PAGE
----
Multiple sclerosis is an autoimmune disease where, for reasons scientists are still trying to figure out, your body’s immune system suddenly attacks the lining covering the nerves in your brain and spinal cord.
“If you think of nerve cells as wires, myelin is like the insulation protecting those wires,” explains Josef Gutman, MD, neurologist and director of the NYU Long Island Comprehensive Multiple Sclerosis Center. Inflammation and other immune damage to the outer lining of nerves can disrupt nerve cell firing, leading to a wide range of symptoms from muscle weakness to vision problems.
Scientists have not found a real cause behind multiple sclerosis. But what is known is that there is a genetic factor that could influence your risk of disease.
How do your genes affect multiple sclerosis?
There is no single gene that directly causes MS
There are many genes, as many as 233– that everyone has their own small contribution to multiple sclerosis. “There’s a lot of research going into alleles, bits of gene, in people with multiple sclerosis that aren’t seen in the general population that might make them susceptible to the disease,” he adds. Mary Ann Picone, MD., a multiple sclerosis neurologist at Holy Name Medical Center.
Dr. Gutman says those most relevant to the development of multiple sclerosis are those involved in the regulation of the immune system. In other words, genes that regulate what your immune system will or will not target. In effect, to research shows that some of these genes, HLA-DRB1 and HLA-DRB1*15:01, are involved in innate immunity, the first line of defense when a threat is present in the organism, and contribute to the progression of multiple sclerosis.
Your genes play a small role in multiple sclerosis
Having a family history of multiple sclerosis can also increase your risk of contracting the disease, although it is not something that is passed down from parent to child. Also, even if a parent has multiple sclerosis, Dr. Gutman says the increased risk is very small in the grand scheme of things. “Compare it to sickle cell anemia where if one parent has sickle cell disease you have a 25% chance of being a carrier, sometimes 50% depending on the other parent.”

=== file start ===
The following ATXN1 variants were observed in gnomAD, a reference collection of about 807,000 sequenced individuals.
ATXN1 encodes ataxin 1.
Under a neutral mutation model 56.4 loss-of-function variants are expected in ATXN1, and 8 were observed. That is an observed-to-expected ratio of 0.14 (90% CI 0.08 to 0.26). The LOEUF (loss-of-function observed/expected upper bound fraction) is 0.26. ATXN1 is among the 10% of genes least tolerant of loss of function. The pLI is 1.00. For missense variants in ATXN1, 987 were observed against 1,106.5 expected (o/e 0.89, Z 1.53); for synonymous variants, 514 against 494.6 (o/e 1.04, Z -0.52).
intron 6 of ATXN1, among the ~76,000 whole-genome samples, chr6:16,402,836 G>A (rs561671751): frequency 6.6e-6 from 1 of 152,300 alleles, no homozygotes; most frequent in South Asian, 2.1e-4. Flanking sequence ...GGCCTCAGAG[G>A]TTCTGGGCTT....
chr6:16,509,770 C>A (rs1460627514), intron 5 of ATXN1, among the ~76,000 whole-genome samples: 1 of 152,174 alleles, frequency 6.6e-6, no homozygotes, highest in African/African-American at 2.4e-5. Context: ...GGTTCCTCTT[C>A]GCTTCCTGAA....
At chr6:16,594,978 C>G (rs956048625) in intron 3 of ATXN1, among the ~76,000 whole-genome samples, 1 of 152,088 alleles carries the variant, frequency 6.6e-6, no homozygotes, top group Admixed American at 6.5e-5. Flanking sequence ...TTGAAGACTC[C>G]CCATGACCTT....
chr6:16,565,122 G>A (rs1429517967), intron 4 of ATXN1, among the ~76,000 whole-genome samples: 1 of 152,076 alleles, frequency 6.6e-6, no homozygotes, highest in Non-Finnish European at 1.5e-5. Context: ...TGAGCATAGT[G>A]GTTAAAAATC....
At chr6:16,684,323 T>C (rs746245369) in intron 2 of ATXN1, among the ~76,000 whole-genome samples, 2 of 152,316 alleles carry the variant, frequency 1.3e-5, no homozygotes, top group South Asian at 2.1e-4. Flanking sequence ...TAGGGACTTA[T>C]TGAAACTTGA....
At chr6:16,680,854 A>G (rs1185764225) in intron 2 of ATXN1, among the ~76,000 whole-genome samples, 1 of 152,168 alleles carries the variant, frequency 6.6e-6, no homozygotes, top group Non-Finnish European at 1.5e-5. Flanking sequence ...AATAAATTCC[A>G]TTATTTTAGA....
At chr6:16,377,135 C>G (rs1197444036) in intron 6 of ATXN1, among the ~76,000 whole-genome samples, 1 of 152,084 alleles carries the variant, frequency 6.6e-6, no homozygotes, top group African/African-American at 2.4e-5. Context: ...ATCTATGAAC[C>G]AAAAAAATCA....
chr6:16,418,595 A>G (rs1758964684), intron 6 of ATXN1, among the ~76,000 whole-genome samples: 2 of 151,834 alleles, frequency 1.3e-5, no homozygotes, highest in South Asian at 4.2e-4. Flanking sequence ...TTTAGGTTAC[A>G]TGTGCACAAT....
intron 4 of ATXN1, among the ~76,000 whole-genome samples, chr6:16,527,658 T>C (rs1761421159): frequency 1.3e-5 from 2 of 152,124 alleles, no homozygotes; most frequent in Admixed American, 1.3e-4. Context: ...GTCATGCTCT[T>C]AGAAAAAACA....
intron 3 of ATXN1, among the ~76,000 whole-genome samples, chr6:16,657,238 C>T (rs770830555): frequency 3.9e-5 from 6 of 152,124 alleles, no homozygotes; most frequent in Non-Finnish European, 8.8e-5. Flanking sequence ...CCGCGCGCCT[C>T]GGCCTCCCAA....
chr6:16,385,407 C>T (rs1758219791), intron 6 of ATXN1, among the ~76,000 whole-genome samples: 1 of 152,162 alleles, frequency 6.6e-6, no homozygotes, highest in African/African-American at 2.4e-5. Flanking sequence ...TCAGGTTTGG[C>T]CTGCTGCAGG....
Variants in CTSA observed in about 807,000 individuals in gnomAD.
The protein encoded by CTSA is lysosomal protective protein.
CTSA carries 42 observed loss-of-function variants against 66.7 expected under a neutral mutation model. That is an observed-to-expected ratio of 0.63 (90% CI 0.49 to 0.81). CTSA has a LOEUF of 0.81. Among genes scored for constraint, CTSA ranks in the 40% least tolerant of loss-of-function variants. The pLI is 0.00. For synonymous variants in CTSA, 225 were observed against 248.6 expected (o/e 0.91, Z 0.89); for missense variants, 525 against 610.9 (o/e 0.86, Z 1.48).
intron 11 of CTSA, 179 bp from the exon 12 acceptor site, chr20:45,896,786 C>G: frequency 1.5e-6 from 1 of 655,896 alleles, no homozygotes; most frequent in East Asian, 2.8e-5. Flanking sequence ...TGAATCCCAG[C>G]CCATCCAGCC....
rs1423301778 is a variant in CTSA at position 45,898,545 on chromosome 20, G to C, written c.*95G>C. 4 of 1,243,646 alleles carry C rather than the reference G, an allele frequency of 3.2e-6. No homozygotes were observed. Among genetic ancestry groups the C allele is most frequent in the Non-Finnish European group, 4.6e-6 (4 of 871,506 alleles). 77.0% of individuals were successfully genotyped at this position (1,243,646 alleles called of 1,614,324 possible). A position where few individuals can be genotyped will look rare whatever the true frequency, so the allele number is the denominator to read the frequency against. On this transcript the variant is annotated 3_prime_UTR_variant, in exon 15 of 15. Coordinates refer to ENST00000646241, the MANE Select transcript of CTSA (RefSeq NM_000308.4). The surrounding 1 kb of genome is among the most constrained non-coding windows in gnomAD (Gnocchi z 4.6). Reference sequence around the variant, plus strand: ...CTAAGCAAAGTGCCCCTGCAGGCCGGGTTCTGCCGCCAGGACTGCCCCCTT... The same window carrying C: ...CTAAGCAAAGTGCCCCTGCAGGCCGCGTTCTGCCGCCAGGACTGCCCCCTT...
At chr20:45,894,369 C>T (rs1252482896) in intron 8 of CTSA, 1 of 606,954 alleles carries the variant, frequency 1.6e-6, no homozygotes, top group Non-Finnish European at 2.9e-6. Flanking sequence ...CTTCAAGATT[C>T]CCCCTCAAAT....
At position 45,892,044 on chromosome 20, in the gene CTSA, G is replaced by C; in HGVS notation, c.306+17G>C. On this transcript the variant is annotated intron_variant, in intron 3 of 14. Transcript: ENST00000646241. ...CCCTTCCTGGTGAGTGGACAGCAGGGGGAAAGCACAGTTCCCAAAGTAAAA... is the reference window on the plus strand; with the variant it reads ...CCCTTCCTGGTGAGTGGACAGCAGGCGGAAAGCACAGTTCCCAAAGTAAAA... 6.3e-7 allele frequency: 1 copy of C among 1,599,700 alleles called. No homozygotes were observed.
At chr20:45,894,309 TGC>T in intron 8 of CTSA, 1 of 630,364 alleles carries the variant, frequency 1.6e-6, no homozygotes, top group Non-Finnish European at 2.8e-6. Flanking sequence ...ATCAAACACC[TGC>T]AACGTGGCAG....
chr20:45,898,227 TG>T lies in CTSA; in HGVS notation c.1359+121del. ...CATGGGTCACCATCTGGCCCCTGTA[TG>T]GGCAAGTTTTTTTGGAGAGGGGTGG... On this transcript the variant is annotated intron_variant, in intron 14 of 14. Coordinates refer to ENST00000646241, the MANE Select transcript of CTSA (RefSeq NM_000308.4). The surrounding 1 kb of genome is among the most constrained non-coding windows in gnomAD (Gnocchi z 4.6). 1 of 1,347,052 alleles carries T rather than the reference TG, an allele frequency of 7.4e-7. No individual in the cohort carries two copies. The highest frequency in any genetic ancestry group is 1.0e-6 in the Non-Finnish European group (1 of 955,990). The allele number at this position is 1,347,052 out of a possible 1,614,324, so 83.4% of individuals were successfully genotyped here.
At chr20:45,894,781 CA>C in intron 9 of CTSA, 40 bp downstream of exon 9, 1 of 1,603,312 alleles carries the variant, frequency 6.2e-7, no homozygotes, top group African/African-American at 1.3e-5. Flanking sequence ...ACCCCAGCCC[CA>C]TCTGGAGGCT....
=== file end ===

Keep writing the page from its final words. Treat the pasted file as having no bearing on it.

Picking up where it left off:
“That’s one of the ways we know multiple sclerosis is an autoimmune disease unlike Alzheimer’s disease, where it’s more of a neurodegenerative disease with a weaker genetic link,” adds Sharon Stoll, DO., a neurologist specializing in multiple sclerosis and neuroimmunology at the Yale School of Medicine.
What is your genetic risk?
You have an estimate 1 in 67 chance (1.5%) of contracting multiple sclerosis if the mother or father also have it. A sibling with multiple sclerosis translates to a 1 in 37 (2.7%) chance of developing it yourself.
In identical twins whose genes are 100% identical, if one has developed multiple sclerosis, the chances of the other getting it are 25%. “If it were a strictly genetic condition, a condition in one twin would mean a 100% chance of getting it in the other,” says Dr. Gutman.
To put it into perspective, Dr. Gutman says that having multiple sclerosis in a close relative makes you 20 times higher than the general population, increasing your overall risk to 2% and 98% chances that you will never develop it. “Again, there is a genetic contribution, but by far the greatest risk is non-genetic.”
Other MS risk factors
Genetics is only part of the story. There are environmental triggers that can increase your risk for multiple sclerosis. These include:
- Epstein-Barr infection
- Low levels of vitamin D
- To be female
- Have other autoimmune diseases
How to treat multiple sclerosis?
Experts agree that you should see your primary care physician (PCP) if you experience pain or unusual body sensations. Your PCP can assess symptoms associated with multiple sclerosis such as muscle weakness, numbness in the body, vision problems, and refer you to a neurologist for further testing.
Although Dr. Gutman says that people with family members who have multiple sclerosis don’t need to have routine preventative screening unless you start experiencing disturbing and inexplicable symptoms.
There is no single diagnostic test for multiple sclerosis. Instead, a neurologist may give you several imaging tests, blood tests, and a physical exam to rule out other illnesses. Dr. Stoll says that because multiple sclerosis has a genetic component, you’ll likely be asked if you have a family history of autoimmune diseases or a personal history of autoimmune diseases.
Dr. Picone says there are over 20 FDA-approved treatments for multiple sclerosis, and the earlier you start, the better your chances of getting a good result. If you receive an official diagnosis of multiple sclerosis, Dr. Stoll says your doctor will likely prescribe immunosuppressive drugs to partially suppress the immune system to prevent further damage to myelin. The second drug option are immunomodulators which manipulate immune function and how they react to a potential threat. Other treatments may involve injectable medications, oral therapies, and other intravenous therapies.
“These are very effective and can go a long way in preventing relapses, slowing progression, and helping you live as normal a life as possible,” says Dr. Picone.